New Safe Confinement

The New Safe Confinement (NSC) is an immense steel arch designed to cover the damaged nuclear reactor and prevent further radioactive material leaking into the environment whilst the reactor structure is made safe. It is the worlds largest mobile metal structure.

Objectives of the NSC:

 

  • Make the destroyed ChNPP Unit 4 environmentally safe (i.e. contain the radioactive materials at the site to prevent any further risk to the public, site personnel and the environment).
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  • Reduce corrosion and weathering of the existing shelter and the Unit 4 reactor building.
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  • Mitigate the consequences of a potential collapse of either the existing shelter or the Unit 4 reactor building, particularly in terms of containing the radioactive dust that would be produced by such a collapse.
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  • Enable safe deconstruction of unstable structures (such as the roof of the existing shelter) by providing remotely operated equipment for their deconstruction.

The word “confinement” is used rather than “containment” to emphasise the difference between the “containment” of radioactive gases that is the primary purpose of most reactor containment buildings, and the “confinement” of solid radioactive waste that is the primary purpose of the NSC.
 

New Safe Confinement, July 14 2016

New Safe Confinement, July 14 2016 (chnpp.gov.ua)

International competition

In 1992, the Ukraine Government held an international competition for proposals to replace the existing sarcophagus. Of the 394 entries 19 entries were examined in detail, with only the British submission proposing a sliding arch approach. There was no overall winner with the French submission coming 2nd and the UK and German proposals joint 3rd.

Subsequently, a pan-European study (the TACIS programme) re-examined the proposals of the top three finalists and the study selected the sliding arch proposal as the best solution.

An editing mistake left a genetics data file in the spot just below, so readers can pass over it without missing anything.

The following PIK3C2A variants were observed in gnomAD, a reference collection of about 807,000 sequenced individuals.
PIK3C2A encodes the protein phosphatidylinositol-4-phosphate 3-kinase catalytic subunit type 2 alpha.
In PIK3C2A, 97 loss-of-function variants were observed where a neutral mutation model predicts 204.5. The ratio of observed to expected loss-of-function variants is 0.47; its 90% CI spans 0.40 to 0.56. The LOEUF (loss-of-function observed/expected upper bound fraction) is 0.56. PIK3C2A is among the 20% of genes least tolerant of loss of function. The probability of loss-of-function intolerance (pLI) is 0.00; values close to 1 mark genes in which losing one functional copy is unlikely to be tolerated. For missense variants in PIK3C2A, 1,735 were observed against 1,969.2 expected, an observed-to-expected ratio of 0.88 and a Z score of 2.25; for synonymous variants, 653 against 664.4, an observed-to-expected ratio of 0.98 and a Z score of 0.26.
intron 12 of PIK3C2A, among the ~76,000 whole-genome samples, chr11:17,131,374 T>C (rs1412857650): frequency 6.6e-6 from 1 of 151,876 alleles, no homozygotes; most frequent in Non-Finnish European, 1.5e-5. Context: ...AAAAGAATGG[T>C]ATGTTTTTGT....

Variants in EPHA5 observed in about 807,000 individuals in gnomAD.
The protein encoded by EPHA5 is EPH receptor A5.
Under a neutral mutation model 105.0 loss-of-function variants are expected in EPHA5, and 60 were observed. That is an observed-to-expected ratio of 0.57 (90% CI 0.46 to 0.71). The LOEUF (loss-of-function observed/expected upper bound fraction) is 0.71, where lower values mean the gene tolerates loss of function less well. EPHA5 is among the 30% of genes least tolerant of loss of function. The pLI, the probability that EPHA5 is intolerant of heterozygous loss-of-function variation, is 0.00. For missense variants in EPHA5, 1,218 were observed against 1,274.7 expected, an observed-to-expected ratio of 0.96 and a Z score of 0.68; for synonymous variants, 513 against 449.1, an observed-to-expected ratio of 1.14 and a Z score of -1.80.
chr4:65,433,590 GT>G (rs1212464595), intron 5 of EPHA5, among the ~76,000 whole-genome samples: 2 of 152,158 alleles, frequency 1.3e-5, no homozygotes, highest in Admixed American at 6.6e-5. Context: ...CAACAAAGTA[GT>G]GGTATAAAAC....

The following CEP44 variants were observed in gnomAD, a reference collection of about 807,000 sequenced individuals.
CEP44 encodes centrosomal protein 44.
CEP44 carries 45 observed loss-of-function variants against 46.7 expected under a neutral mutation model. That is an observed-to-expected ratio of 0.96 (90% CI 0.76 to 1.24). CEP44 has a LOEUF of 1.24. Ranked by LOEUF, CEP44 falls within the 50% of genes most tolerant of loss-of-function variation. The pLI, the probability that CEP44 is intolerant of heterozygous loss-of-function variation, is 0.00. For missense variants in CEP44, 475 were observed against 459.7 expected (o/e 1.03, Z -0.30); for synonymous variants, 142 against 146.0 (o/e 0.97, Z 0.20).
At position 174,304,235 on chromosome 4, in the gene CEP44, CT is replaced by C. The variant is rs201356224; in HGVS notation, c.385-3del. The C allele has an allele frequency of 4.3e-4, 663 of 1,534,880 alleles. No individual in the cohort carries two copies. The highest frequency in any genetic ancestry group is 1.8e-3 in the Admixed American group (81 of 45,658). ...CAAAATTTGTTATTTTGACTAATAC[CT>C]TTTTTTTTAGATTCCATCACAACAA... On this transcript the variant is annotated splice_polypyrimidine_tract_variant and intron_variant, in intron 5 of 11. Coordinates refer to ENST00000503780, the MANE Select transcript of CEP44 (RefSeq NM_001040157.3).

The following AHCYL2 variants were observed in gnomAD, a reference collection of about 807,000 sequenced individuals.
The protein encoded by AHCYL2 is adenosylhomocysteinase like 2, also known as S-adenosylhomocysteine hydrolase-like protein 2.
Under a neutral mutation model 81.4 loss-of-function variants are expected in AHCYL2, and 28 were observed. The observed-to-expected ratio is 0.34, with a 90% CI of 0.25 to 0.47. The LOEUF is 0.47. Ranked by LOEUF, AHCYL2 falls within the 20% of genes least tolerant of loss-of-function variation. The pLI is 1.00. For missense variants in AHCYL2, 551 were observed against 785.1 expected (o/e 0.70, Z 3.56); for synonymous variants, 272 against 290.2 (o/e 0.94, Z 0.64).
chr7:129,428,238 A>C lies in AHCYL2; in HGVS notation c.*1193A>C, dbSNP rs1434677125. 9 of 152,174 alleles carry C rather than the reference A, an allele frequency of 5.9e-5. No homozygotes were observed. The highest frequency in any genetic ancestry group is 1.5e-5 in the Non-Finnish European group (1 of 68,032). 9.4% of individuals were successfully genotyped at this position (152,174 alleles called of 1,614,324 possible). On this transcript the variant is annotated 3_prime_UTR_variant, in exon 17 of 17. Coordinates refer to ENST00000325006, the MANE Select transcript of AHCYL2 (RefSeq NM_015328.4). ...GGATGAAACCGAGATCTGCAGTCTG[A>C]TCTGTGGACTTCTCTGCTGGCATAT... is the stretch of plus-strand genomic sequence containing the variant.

The contract for the design and construction project was awarded to the Novarka consortium led by the French construction companies Bouygues and Vinci in 2007.

The consortium worked with both local and international contractors. For instance, the arch was made of structural elements designed and built in Italy. The cranes were manufactured in the US. The arch cladding contractor was from Turkey, and lifting and sliding operations were carried out by a Dutch company.

Why a sliding arch?

The advantages of a sliding arch include:

  1. Off-site construction keeps radiation exposure for construction workers to a minimum.
  2. An arch fits snugly over the damaged reactor (minus its chimney).
  3. An arch is easier to slide than a square box.

The NSC was constructed 300 metres west of unit four before being slid into place. Weighing more than the Eiffel Tower the arch-shaped steel structure has an internal height of 92.5 metres, enough to house the Statue of Liberty, and an internal span of 245 metres.

The dimensions of the arch were determined by the need to operate equipment inside to decommission the original sarcophagus covering the reactor. The ends of the structure will be sealed by vertical walls assembled around, but not supported by, the existing structures of the reactor building.

Its frame is a huge lattice construction of tubular steel members, supported by two longitudinal concrete beams.

The NSC’s sophisticated ventilation system aims to ensure the longevity of the arch. The air between the inner and outer walls, over 1M.m3, has been dried and subjected to mild pressure to minimise the risk of corrosion.

Its foundations contain over 20,000m3 of concrete, equivalent to over 3200 truck load and the arch is covered in 86,000 m2 of exterior cladding, an area the size of 12 football pitches.

Another impressive feature are the two giant cranes that will be attached to the underside of the shelter roof.

Known as bridge cranes, after the 96m long moving bridges that straddle six parallel tracks mounted to the ceiling, these enormous machines will be remotely operated and capable of lifting 50 tonnes.

The cranes will have three different carriages available to them: a so-called classic carriage which features a hook on a cable that can be raised or lowered by a single drum; a secure carriage, which uses two drums, and will be used to move people around the shelter inside a shielded box; and a custom-made tensile truss system known as the mobile tool platform.

The mobile tool platform will be capable of moving precisely in any direction within the shelter and into areas off-limits to people. It will host a range of robotic devices such as grippers, drills, crushers, and saws.

To date the Chernobyl Shelter Fund, set up in 1997 to assist Ukraine in making the site of the current shelter over Chernobyl’s destroyed reactor 4 stable and environmentally safe, has received more than € 1.5 billion from 45 donors.

 

Transforming Chernobyl - New Safe Confinement diagram

Transforming Chernobyl – New Safe Confinement diagram courtesy of European Bank for Reconstruction and Development.

 

Inside the New Safe Confinement Arch December 2016

Inside the New Safe Confinement Arch, December 2016 (chnpp.gov.ua/)

 

 

Site safety

An integrated monitoring system is in place which tracks radiation levels but also seismic activity and the structure of the old shelter.